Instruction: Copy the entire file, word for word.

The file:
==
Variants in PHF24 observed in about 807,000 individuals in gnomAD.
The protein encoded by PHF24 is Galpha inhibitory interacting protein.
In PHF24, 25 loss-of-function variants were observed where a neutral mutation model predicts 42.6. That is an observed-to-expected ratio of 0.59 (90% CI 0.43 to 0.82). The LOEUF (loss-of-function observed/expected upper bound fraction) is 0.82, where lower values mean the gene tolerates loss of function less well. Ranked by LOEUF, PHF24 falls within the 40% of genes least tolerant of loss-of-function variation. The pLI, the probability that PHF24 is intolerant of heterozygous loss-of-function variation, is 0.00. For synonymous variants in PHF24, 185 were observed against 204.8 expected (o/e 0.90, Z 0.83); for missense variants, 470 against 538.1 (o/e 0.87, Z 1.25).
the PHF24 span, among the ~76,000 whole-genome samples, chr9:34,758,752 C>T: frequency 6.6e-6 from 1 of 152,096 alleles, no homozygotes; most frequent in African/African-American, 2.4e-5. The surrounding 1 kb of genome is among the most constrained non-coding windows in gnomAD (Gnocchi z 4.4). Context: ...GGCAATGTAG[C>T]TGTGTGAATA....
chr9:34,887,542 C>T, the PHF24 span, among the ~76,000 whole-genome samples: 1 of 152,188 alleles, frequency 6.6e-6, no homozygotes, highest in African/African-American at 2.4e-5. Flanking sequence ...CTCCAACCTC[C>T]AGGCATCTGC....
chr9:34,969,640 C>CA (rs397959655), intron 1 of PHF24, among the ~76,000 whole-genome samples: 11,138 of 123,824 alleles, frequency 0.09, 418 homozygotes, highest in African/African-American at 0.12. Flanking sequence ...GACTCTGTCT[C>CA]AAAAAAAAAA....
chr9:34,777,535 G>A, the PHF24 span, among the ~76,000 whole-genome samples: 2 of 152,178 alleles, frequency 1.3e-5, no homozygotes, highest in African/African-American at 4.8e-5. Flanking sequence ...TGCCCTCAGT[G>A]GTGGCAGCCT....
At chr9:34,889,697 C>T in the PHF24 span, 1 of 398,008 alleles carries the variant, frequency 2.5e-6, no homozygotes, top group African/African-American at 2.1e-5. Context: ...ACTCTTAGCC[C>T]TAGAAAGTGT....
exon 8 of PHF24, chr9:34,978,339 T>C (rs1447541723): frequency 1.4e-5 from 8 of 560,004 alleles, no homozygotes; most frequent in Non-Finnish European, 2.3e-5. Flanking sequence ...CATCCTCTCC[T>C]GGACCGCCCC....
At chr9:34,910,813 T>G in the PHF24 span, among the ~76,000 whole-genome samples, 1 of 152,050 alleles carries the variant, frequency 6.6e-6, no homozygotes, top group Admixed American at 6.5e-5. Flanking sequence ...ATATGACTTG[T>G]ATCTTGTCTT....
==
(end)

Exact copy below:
Variants in PHF24 observed in about 807,000 individuals in gnomAD.
The protein encoded by PHF24 is Galpha inhibitory interacting protein.
In PHF24, 25 loss-of-function variants were observed where a neutral mutation model predicts 42.6. That is an observed-to-expected ratio of 0.59 (90% CI 0.43 to 0.82). The LOEUF (loss-of-function observed/expected upper bound fraction) is 0.82, where lower values mean the gene tolerates loss of function less well. Ranked by LOEUF, PHF24 falls within the 40% of genes least tolerant of loss-of-function variation. The pLI, the probability that PHF24 is intolerant of heterozygous loss-of-function variation, is 0.00. For synonymous variants in PHF24, 185 were observed against 204.8 expected (o/e 0.90, Z 0.83); for missense variants, 470 against 538.1 (o/e 0.87, Z 1.25).
the PHF24 span, among the ~76,000 whole-genome samples, chr9:34,758,752 C>T: frequency 6.6e-6 from 1 of 152,096 alleles, no homozygotes; most frequent in African/African-American, 2.4e-5. The surrounding 1 kb of genome is among the most constrained non-coding windows in gnomAD (Gnocchi z 4.4). Context: ...GGCAATGTAG[C>T]TGTGTGAATA....
chr9:34,887,542 C>T, the PHF24 span, among the ~76,000 whole-genome samples: 1 of 152,188 alleles, frequency 6.6e-6, no homozygotes, highest in African/African-American at 2.4e-5. Flanking sequence ...CTCCAACCTC[C>T]AGGCATCTGC....
chr9:34,969,640 C>CA (rs397959655), intron 1 of PHF24, among the ~76,000 whole-genome samples: 11,138 of 123,824 alleles, frequency 0.09, 418 homozygotes, highest in African/African-American at 0.12. Flanking sequence ...GACTCTGTCT[C>CA]AAAAAAAAAA....
chr9:34,777,535 G>A, the PHF24 span, among the ~76,000 whole-genome samples: 2 of 152,178 alleles, frequency 1.3e-5, no homozygotes, highest in African/African-American at 4.8e-5. Flanking sequence ...TGCCCTCAGT[G>A]GTGGCAGCCT....
At chr9:34,889,697 C>T in the PHF24 span, 1 of 398,008 alleles carries the variant, frequency 2.5e-6, no homozygotes, top group African/African-American at 2.1e-5. Context: ...ACTCTTAGCC[C>T]TAGAAAGTGT....
exon 8 of PHF24, chr9:34,978,339 T>C (rs1447541723): frequency 1.4e-5 from 8 of 560,004 alleles, no homozygotes; most frequent in Non-Finnish European, 2.3e-5. Flanking sequence ...CATCCTCTCC[T>C]GGACCGCCCC....
At chr9:34,910,813 T>G in the PHF24 span, among the ~76,000 whole-genome samples, 1 of 152,050 alleles carries the variant, frequency 6.6e-6, no homozygotes, top group Admixed American at 6.5e-5. Flanking sequence ...ATATGACTTG[T>G]ATCTTGTCTT....